Zealots to the Left of Me, Zealots to the Right of Me

| Thu Apr. 26, 2012 4:08 PM PDT

A "self-perpetuating oligarchy" is an organization where the current leadership plays a strong role in picking its successors. Corporations are an example: the board of directors chooses a CEO, who periodically nominates new members to the board, which eventually chooses the next CEO.

But corporations are only weakly self-perpetuating, since boards usually don't have a lot of loyalty to a particular style of management and CEOs usually don't care all that much who takes over after they retire. Beside, CEOs can be fired. A much better example is the Catholic Church: popes appoint cardinals unilaterally, and the College of Cardinals elects a pope when the old one dies. What's more, popes can't be fired and they care a lot about appointing cardinals who are ideologically sympatico. Mark Kleiman, after reading about the Church's recent humiliation of American nuns for being insufficiently anti-sex, comments:

As the characteristic risks of the democratic republic are corruption and demagogy, and the characteristic risks of hereditary rule are incompetent rulers and succession struggles, the characteristic risk of the self-perpetuating oligarchy is gerontocracy.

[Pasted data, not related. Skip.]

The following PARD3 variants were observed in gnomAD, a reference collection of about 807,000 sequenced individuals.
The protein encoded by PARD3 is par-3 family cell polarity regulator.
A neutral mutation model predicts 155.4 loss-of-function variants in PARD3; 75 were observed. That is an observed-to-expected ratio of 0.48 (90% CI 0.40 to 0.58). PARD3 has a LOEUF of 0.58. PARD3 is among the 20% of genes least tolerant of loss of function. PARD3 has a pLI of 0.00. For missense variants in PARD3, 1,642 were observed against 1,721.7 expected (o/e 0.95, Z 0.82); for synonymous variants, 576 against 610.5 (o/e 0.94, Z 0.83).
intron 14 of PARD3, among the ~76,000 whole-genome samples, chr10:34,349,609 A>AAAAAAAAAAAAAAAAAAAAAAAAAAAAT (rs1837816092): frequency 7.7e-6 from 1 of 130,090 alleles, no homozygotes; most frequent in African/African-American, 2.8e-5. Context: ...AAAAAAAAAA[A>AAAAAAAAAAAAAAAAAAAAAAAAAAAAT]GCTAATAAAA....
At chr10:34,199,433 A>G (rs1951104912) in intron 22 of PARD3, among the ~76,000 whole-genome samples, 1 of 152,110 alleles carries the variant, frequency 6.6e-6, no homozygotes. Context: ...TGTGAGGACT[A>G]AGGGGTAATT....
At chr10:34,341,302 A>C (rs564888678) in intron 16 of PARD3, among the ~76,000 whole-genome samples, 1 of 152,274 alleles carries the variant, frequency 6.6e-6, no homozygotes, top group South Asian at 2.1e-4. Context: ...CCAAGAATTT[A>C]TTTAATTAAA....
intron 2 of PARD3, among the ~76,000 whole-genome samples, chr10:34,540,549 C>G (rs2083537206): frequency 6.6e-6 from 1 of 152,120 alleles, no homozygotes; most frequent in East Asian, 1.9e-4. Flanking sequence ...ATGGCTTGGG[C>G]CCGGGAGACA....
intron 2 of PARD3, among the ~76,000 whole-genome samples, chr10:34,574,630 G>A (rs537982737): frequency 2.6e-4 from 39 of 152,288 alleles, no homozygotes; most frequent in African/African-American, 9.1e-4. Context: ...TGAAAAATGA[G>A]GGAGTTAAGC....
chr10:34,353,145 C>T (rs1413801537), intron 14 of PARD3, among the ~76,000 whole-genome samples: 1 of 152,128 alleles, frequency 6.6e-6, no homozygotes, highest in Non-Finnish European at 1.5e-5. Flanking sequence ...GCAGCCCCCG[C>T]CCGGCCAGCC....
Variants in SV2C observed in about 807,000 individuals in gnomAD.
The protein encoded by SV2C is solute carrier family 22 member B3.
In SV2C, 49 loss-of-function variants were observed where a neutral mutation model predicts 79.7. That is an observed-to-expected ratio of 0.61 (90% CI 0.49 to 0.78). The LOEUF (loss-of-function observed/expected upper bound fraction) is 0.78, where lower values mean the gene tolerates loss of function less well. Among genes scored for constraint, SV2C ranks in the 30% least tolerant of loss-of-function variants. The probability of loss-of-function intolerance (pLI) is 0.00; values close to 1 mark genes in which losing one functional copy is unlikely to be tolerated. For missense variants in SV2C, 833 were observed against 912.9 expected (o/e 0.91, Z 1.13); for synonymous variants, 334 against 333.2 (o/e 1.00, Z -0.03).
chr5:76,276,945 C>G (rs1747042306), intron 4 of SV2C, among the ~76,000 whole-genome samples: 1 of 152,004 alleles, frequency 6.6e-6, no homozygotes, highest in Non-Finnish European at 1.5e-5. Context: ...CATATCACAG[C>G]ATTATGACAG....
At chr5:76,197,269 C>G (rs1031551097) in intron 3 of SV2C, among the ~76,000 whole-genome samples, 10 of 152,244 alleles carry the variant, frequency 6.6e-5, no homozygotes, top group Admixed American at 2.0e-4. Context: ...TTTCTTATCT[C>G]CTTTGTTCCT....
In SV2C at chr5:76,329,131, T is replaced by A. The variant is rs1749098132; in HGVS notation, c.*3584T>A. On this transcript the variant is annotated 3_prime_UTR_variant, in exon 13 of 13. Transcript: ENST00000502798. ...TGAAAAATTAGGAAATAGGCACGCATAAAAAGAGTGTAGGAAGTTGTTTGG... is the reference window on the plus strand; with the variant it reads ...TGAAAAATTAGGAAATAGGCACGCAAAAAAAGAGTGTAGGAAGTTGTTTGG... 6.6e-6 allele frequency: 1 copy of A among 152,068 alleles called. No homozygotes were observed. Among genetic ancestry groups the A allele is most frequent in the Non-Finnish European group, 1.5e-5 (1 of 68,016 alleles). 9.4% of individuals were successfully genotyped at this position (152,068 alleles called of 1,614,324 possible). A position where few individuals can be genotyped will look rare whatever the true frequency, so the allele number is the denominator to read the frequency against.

For most of the history of the Catholic Church, even the well-fed and well-cared-for tended to drop off by around age 70. So gerontocracy wasn’t a big threat. But modern nutrition, sanitation, and medicine have extended the life of the body by more years than they’ve extended the acuity of the mind. John Paul II put in a rule to get rid of aging Cardinals — mostly so he could complete the process of packing the College with members of his own faction — but didn’t apply the rule to himself, and continued to wear the Triple Tiara until he was long past it.

So — from a secularist perspective — here’s wishing a very long life to Pope Benedict XVI. I doubt that his commitment of the Church to the side of reaction and plutocracy around the world — continuing the work of John Paul II — is now reversible. So the faster the whole thing crashes and burns, the better.

It seems like every time I turn around I'm confronted by growing extremism. The Catholic Church is, increasingly, little more than an angry collection of reactionary old men who hate the modern world. The Republican Party is a refuge for bright-eyed true believers intent on tearing down the modern state. The state of Israel, unable to break the grip of its most expansionist zealots, is busily wreaking its own destruction and doing its best to drag us along with them. Large swaths of the Muslim world remain captured by the fever dreams of its most radical factions.

Unfortunately, none of this seems to be crashing and burning. Not yet, anyway. So when does the wave finally crest and start to break?

Or am I just imagining all this because I'm in a bit of a punk mood today?

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